Dance commentators Arlene Croce and John Mueller point out that, aside from the obvious weakness,[15] a discursive and overlong plot lacking quality specialist comedians,[16] the film contains some of the Astaire-Rogers partnership's most prized duets, not least the iconic "Let's Face the Music and Dance". According to Arlene Croce: "One reason the numbers in Follow the Fleet are as great as they are is that Rogers had improved remarkably as a dancer. Under Astaire's coaching she had developed extraordinary range, and the numbers in the film are designed to show it off."[17] That this film's remarkable score [18] was produced immediately after his smash-hit score for Top Hat is perhaps testimony to Berlin's claim that Astaire's abilities inspired him to deliver some of his finest work.[19] As an actor, however, Astaire makes an unconvincing[20] attempt at shedding the wealthy man-about-town image by donning a sailor's uniform, while Rogers, in this her fifth pairing with Astaire, brings her usual comedic and dramatic flair to bear on her role as a nightclub entertainer.

The film is recognized by American Film Institute in these lists:

Box office[edit]

The film earned $1,532,000 in the US and Canada and $1,175,000 elsewhere making a profit of $945,000. This was slightly down on that for Top Hat but was still among RKO's most popular movies of the decade.[1]

It was the 14th most popular film at the British box office in 1935–1936.[22]



  1. ^ a b c Richard Jewel, 'RKO Film Grosses: 1931-1951', Historical Journal of Film Radio and Television, Vol 14 No 1, 1994 p55
  2. ^ Croce: "with all its flaws Follow the Fleet was a shattering hit", p.84
  3. ^ Mueller p.412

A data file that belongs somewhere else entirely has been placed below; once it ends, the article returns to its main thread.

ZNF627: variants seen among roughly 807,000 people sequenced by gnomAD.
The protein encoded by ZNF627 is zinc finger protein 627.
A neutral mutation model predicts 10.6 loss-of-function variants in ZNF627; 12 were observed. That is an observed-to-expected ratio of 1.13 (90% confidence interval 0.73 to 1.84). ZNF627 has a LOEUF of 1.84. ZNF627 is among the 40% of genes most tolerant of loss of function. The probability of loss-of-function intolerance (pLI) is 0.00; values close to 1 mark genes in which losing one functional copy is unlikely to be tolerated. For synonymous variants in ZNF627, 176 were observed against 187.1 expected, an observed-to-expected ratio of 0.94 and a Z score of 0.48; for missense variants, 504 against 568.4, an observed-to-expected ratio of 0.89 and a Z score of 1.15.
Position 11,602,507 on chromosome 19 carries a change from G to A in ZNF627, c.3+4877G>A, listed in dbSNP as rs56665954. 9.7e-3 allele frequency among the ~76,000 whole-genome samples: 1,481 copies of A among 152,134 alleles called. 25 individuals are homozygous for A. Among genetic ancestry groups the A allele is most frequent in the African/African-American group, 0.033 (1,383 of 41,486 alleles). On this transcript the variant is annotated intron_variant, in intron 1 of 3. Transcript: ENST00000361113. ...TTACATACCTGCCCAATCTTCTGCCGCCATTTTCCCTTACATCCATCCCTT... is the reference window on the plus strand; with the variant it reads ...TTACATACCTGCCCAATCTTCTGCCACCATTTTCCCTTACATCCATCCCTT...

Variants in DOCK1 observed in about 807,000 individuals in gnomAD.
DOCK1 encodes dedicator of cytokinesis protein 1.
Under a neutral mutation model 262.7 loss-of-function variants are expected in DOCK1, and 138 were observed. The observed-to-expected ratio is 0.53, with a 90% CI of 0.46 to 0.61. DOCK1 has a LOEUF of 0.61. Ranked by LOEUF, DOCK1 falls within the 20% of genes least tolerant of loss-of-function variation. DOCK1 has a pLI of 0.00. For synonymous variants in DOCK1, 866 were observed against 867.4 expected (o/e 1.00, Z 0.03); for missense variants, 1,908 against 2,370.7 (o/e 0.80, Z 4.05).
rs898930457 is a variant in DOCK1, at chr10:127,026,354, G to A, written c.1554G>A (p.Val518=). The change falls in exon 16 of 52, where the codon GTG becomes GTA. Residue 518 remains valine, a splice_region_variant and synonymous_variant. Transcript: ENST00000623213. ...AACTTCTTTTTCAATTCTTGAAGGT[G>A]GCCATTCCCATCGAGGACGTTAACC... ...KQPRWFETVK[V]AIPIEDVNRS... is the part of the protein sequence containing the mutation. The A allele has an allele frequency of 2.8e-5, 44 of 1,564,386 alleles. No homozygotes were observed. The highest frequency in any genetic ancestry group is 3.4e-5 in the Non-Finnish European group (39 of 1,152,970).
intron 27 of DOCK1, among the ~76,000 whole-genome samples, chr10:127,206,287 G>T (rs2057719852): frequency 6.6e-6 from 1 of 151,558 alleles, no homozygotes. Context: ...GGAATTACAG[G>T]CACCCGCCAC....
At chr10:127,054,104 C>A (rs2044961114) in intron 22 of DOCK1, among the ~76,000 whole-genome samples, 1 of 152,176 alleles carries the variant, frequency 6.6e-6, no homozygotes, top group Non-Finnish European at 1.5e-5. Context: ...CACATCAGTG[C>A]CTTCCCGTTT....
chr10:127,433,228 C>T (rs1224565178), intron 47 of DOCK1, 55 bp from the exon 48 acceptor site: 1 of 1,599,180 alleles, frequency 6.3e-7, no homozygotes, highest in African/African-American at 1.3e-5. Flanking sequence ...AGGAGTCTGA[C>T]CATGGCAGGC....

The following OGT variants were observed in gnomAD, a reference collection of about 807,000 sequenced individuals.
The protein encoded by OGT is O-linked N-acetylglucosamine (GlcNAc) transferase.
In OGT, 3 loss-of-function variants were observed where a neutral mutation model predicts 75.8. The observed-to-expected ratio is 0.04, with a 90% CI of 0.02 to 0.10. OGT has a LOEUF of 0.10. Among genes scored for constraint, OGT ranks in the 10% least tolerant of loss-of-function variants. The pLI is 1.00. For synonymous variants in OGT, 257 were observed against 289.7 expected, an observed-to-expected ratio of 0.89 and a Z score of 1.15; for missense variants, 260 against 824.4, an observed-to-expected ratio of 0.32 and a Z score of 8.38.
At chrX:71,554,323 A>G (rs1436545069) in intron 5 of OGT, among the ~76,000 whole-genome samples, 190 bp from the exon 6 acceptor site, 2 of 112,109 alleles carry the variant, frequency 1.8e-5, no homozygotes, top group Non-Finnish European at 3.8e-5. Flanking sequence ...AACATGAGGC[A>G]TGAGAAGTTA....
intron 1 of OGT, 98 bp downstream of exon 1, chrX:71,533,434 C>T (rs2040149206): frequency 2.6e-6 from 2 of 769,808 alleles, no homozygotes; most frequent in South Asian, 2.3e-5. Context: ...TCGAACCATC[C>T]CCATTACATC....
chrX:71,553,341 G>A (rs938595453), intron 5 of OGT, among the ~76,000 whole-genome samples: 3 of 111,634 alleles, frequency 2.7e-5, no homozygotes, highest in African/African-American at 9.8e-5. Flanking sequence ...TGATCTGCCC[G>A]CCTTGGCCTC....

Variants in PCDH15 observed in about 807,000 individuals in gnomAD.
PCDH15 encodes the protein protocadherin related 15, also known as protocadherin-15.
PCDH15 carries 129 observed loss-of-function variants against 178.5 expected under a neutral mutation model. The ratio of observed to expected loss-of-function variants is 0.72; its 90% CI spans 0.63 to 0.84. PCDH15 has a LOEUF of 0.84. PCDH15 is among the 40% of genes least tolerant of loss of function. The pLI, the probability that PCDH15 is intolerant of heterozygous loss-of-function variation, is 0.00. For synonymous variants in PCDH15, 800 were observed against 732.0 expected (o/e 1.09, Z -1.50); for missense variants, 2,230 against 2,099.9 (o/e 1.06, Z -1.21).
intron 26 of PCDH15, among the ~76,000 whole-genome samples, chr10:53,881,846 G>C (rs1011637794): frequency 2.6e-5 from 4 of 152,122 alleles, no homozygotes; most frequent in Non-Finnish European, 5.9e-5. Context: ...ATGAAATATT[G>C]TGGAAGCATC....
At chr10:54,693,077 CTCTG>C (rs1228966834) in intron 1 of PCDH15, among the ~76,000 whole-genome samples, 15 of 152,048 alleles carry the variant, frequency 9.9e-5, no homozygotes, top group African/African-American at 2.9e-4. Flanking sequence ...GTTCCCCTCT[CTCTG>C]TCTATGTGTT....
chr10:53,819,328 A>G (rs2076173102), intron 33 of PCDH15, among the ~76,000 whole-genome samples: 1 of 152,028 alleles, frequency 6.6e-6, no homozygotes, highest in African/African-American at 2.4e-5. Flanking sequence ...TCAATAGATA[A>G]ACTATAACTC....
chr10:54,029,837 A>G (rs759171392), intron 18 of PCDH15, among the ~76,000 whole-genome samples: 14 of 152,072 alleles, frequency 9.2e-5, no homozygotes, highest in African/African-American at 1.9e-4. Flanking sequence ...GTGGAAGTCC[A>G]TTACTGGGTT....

4. ^
  5. ^ A separate recording exists of Irving Berlin singing this song to his own piano accompaniment, a recording which was featured by Astaire's choreography partner Hermes Pan and rehearsal pianist Hal Borne in the 2004 ARTE documentary l'Art de Fred Astaire.
  6. ^ Mueller p.92
  7. ^ Astaire: "I got the flying sleeve smack on the jaw and partly in the eye", p.220
  8. ^ Astaire: "The No. 1 take was perfect. It was the one we all liked best.", p.220
  9. ^ Satchell, p.251:"I have never spent two more miserable hours in my life. Every scene was cheap and vulgar. They don't realise that the thirties were a very innocent age, and that should have been set in the eighties — it was just froth; it makes you cry it's so distasteful."
  10. ^ Nugent, Frank S. (February 21, 1936). "Movie Review – Follow the Fleet". The New York Times. Retrieved August 14, 2015.
  11. ^ "Follow the Fleet". Variety. New York. February 26, 1936. p. 15.
  12. ^ "Reviews of the New Films". Film Daily. New York. February 19, 1936. p. 4.
  13. ^ Mosher, John (February 29, 1936). "The Current Cinema". The New Yorker. p. 50.
  14. ^ Greene, Graham (24 April 1936). "Follow the Fleet/The Peace Film". The Spectator. (reprinted in: Taylor, John Russell, ed. (1980). The Pleasure Dome. pp. 67–69. ISBN 0192812866.)
  15. ^ Croce: "its plot is a dead weight", p. 82; Mueller: "bogged down by a sour, labored plot", p. 89
  16. ^ Mueller p. 90
  17. ^ Croce, p. 82
  18. ^ Astaire: "one of his best" p. 218
  19. ^ Mueller p. 78
  20. ^ Mueller: "no one is taken in", p. 89
  21. ^ "AFI's Greatest Movie Musicals Nominees" (PDF). Retrieved 2016-08-13.
  22. ^ "The Film Business in the United States and Britain during the 1930s" by John Sedgwick and Michael Pokorny, The Economic History ReviewNew Series, Vol. 58, No. 1 (Feb., 2005), pp.97

General bibliography[edit]

External links[edit]